I can’t even begin to tell you how eerily these words resonated with modern times; you already know. For some mysterious reason, the film “Network” taps into every fear and suspicious we have about our agenda-driven media, the companies running the country into the ground, and the increased callousness of our fellow mankind.

And then exploits the hell out of it.

Exploitation is the driving evil of this film. A poorly performing news network decides to can its anchor after 25 years. The anchor, reacts appropriately to losing his job: he announces on his last week of broadcast that he will be committing suicide by next week, while on the air. The media blitzkrieg that follows forces the hands of the network to fire him on the spot. But the increased viewership of the show lures the corporation that owns the news network to give him back his job. The increased scrutiny and the madness that surrounds the anchor forces him to a nervous breakdown and one of the greatest rants of cinema history. Viewership skyrockets, and a young programmer for the station gets involved in order to turn the news hour to the media circus that viewers want (complete with a psychic). The network profits off the poor anchor’s demise, firing or rehiring him at any turn of ratings.

You'll never see the news the same way again.

Madness is a great way to describe this movie. Incredibly well written, well acted, and well shot, “Network” earns every Oscar it won back in1977. I would describe it as a cynical satire, as the network seems to have no human decency to what it decides to air. At one point, a weekly series is proposed to cover the violence of terrorists committing acts to further their cause. The network asks them to film it as propaganda for their cause. “Must-see TV” is a mantra to many of the characters you come to fear the most. In a robotic way, they seek for whatever will gain viewership the fastest. The network is just the mechanical extension to satisfy their bloodlust for ratings. At one point in the movie, the programmer has sex with one of her bosses, only to explain to him her proposal of ideas for a new hit show. Extreme, yes, but that’s what may happen when networking is the only thing on people’s minds.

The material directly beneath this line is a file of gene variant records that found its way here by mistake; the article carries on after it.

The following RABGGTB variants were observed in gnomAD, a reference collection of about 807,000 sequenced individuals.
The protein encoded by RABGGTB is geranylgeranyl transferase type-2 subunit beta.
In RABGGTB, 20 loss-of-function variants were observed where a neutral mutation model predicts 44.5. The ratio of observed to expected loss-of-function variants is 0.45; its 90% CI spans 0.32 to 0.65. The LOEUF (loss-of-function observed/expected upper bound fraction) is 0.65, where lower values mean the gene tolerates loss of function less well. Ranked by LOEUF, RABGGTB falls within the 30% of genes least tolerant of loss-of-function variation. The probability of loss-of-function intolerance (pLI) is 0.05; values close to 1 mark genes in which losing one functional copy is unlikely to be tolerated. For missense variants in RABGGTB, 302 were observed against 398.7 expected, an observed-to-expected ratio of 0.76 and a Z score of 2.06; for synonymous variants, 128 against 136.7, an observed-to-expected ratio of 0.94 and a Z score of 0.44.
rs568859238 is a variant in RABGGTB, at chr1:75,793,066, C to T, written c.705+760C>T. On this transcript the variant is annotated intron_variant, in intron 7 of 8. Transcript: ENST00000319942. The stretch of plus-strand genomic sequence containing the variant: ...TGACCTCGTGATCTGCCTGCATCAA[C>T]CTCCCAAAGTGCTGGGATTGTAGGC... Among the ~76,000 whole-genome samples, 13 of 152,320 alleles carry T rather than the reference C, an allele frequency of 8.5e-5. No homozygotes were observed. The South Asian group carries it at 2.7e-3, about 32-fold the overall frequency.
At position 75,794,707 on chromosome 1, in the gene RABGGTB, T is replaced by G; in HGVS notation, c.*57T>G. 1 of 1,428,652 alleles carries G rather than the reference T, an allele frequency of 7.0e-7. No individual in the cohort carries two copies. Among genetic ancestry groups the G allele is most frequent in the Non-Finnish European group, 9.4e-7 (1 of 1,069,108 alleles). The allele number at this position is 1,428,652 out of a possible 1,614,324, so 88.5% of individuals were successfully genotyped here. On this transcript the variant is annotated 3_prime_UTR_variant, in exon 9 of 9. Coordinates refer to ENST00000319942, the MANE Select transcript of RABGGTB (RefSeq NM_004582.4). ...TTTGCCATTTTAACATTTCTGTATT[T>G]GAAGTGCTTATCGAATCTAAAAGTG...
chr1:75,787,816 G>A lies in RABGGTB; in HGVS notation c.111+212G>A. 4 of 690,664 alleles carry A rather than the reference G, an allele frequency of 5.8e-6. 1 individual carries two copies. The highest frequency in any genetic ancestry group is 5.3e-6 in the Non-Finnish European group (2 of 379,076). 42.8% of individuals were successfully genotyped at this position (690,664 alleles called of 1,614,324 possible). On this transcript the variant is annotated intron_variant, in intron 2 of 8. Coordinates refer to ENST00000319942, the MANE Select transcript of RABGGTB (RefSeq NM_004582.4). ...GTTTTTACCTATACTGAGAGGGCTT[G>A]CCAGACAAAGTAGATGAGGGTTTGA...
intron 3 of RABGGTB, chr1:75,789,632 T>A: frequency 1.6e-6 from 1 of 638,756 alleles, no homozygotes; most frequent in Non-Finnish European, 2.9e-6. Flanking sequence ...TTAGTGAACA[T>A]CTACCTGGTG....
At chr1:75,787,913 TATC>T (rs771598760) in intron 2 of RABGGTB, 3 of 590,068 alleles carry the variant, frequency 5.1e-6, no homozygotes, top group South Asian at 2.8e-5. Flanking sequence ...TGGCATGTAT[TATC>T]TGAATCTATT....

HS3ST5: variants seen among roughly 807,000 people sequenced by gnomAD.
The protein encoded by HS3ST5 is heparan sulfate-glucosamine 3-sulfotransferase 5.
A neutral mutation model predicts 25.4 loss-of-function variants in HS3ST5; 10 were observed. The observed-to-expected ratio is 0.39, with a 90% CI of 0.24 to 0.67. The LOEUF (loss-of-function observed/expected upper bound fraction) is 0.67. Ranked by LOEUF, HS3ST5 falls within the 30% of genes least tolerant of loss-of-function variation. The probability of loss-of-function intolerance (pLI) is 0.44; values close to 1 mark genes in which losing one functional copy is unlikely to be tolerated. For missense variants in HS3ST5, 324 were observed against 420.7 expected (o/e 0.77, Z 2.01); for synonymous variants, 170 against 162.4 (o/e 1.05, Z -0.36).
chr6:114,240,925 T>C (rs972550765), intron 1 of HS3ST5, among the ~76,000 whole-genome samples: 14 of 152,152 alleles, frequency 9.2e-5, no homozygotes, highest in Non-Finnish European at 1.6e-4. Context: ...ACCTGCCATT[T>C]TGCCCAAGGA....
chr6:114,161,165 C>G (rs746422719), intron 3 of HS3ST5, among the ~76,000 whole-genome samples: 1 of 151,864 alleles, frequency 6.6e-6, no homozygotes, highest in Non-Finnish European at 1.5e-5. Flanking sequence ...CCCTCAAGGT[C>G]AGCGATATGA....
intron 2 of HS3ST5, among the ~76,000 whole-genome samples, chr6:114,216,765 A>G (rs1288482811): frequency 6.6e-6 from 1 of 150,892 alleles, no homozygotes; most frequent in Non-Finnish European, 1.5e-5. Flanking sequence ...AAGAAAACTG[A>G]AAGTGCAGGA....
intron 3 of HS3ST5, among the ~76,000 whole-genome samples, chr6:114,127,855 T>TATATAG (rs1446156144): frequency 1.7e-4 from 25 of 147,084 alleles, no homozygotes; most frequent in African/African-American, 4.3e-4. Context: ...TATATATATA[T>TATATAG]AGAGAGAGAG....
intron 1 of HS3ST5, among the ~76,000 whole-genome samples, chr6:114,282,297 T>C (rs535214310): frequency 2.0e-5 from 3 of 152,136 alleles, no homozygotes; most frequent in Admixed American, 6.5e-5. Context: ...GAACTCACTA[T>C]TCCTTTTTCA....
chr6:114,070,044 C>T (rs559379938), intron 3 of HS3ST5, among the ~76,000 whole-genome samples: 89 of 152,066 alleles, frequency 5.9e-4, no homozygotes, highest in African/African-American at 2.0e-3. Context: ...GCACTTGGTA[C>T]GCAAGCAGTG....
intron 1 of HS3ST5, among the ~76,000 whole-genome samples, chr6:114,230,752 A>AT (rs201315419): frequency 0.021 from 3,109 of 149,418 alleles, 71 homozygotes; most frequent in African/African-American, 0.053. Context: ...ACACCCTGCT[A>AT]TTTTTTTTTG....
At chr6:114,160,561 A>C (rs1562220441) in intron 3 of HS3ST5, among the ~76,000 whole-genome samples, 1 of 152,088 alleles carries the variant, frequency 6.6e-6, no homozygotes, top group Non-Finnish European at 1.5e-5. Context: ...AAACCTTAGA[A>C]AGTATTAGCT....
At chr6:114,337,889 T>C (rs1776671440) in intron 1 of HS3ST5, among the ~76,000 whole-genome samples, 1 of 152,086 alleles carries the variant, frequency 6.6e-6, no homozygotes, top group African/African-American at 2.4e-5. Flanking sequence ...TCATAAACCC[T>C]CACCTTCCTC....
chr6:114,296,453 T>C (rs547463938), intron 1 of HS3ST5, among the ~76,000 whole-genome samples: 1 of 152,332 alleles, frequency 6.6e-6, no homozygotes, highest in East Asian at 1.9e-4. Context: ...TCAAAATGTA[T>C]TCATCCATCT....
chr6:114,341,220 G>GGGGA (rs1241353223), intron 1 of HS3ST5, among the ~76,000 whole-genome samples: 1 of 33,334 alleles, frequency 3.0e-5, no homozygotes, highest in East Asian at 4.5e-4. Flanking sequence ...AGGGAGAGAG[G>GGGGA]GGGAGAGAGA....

I say the movie is cynical because there is no redemption for this sort of evil. Destroying others is its business, and it does not seem to be coming to an end anytime soon. Sweeps is coming up in November after all.

I highly recommend this movie. As a movie fan, its filled with great actors (Peter Finch, Faye Dunaway, and William Holden to name a few), great dialog, and beautifully shot in a dingy pre-Giuliani New York. Those who remember the era would laugh at the old fashions, but its the old technologies that makes this a great period piece. Not much digital in the newsrooms back then, and the older news hounds remember the start of TV news.

The other part of this review, is the experience at the MFA. Yet, another “art” cinema that shows the best in international and independant cinema, as well as classics. The theater is a large room with comfy chairs and is set so every seat is a good seat. Like the Harvard Film Archive, this is an academic theater with no food allowed. The purpose of the theater is to watch the movie with rapt attention. But, the MFA gave its audience something most theaters don’t have access to: an archive of old trailers on original film stock. It was a bit of fun to see the original trailers for movies of that era like “The Rocky Horror Picture Show” and “The Way We Were.” It was definitely worth the visit.

Well, I guess that’s its for me. As Howard Beale said “I just ran out of bullshit.”

For more information on “Network,” check out the imdb.com page.

For more information on MFA screenings, check out their site.